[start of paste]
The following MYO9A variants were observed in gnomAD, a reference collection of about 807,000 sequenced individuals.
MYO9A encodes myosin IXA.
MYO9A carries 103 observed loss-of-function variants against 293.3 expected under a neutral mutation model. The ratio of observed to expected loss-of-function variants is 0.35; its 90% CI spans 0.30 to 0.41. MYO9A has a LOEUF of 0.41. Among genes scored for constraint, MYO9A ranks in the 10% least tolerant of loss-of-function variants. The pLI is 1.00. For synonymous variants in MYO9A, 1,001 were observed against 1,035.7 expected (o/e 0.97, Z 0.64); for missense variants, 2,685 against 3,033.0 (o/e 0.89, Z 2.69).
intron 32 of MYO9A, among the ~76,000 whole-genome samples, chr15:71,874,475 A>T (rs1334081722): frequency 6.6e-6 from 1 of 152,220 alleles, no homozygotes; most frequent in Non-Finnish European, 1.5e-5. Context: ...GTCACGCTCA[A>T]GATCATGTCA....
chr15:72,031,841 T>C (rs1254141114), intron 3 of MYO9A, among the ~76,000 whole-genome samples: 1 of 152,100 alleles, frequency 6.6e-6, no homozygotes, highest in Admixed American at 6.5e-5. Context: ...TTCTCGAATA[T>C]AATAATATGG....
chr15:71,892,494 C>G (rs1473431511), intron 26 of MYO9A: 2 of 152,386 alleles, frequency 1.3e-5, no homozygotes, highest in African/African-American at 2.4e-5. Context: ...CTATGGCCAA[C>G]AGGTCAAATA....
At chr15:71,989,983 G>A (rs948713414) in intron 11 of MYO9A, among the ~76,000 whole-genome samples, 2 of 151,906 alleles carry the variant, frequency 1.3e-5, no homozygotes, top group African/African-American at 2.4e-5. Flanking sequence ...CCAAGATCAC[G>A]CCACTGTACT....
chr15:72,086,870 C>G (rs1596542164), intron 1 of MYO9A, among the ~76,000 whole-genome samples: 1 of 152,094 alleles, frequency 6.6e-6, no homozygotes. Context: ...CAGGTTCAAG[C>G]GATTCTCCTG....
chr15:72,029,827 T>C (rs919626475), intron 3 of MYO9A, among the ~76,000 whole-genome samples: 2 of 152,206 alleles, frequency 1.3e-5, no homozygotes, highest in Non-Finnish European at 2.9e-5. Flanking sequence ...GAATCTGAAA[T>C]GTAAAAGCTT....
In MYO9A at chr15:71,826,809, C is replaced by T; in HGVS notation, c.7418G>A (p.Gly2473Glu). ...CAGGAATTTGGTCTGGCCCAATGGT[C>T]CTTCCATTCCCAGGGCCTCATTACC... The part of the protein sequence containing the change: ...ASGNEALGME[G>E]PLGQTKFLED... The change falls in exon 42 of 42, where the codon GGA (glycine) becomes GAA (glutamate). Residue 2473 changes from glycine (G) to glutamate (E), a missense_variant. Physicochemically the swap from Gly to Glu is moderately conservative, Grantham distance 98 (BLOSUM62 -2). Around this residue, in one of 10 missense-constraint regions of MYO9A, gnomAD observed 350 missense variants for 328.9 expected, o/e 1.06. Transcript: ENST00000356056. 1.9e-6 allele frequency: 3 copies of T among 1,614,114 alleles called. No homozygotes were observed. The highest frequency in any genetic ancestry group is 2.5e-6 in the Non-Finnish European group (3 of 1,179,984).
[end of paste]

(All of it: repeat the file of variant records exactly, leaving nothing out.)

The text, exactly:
The following MYO9A variants were observed in gnomAD, a reference collection of about 807,000 sequenced individuals.
MYO9A encodes myosin IXA.
MYO9A carries 103 observed loss-of-function variants against 293.3 expected under a neutral mutation model. The ratio of observed to expected loss-of-function variants is 0.35; its 90% CI spans 0.30 to 0.41. MYO9A has a LOEUF of 0.41. Among genes scored for constraint, MYO9A ranks in the 10% least tolerant of loss-of-function variants. The pLI is 1.00. For synonymous variants in MYO9A, 1,001 were observed against 1,035.7 expected (o/e 0.97, Z 0.64); for missense variants, 2,685 against 3,033.0 (o/e 0.89, Z 2.69).
intron 32 of MYO9A, among the ~76,000 whole-genome samples, chr15:71,874,475 A>T (rs1334081722): frequency 6.6e-6 from 1 of 152,220 alleles, no homozygotes; most frequent in Non-Finnish European, 1.5e-5. Context: ...GTCACGCTCA[A>T]GATCATGTCA....
chr15:72,031,841 T>C (rs1254141114), intron 3 of MYO9A, among the ~76,000 whole-genome samples: 1 of 152,100 alleles, frequency 6.6e-6, no homozygotes, highest in Admixed American at 6.5e-5. Context: ...TTCTCGAATA[T>C]AATAATATGG....
chr15:71,892,494 C>G (rs1473431511), intron 26 of MYO9A: 2 of 152,386 alleles, frequency 1.3e-5, no homozygotes, highest in African/African-American at 2.4e-5. Context: ...CTATGGCCAA[C>G]AGGTCAAATA....
At chr15:71,989,983 G>A (rs948713414) in intron 11 of MYO9A, among the ~76,000 whole-genome samples, 2 of 151,906 alleles carry the variant, frequency 1.3e-5, no homozygotes, top group African/African-American at 2.4e-5. Flanking sequence ...CCAAGATCAC[G>A]CCACTGTACT....
chr15:72,086,870 C>G (rs1596542164), intron 1 of MYO9A, among the ~76,000 whole-genome samples: 1 of 152,094 alleles, frequency 6.6e-6, no homozygotes. Context: ...CAGGTTCAAG[C>G]GATTCTCCTG....
chr15:72,029,827 T>C (rs919626475), intron 3 of MYO9A, among the ~76,000 whole-genome samples: 2 of 152,206 alleles, frequency 1.3e-5, no homozygotes, highest in Non-Finnish European at 2.9e-5. Flanking sequence ...GAATCTGAAA[T>C]GTAAAAGCTT....
In MYO9A at chr15:71,826,809, C is replaced by T; in HGVS notation, c.7418G>A (p.Gly2473Glu). ...CAGGAATTTGGTCTGGCCCAATGGT[C>T]CTTCCATTCCCAGGGCCTCATTACC... The part of the protein sequence containing the change: ...ASGNEALGME[G>E]PLGQTKFLED... The change falls in exon 42 of 42, where the codon GGA (glycine) becomes GAA (glutamate). Residue 2473 changes from glycine (G) to glutamate (E), a missense_variant. Physicochemically the swap from Gly to Glu is moderately conservative, Grantham distance 98 (BLOSUM62 -2). Around this residue, in one of 10 missense-constraint regions of MYO9A, gnomAD observed 350 missense variants for 328.9 expected, o/e 1.06. Transcript: ENST00000356056. 1.9e-6 allele frequency: 3 copies of T among 1,614,114 alleles called. No homozygotes were observed. The highest frequency in any genetic ancestry group is 2.5e-6 in the Non-Finnish European group (3 of 1,179,984).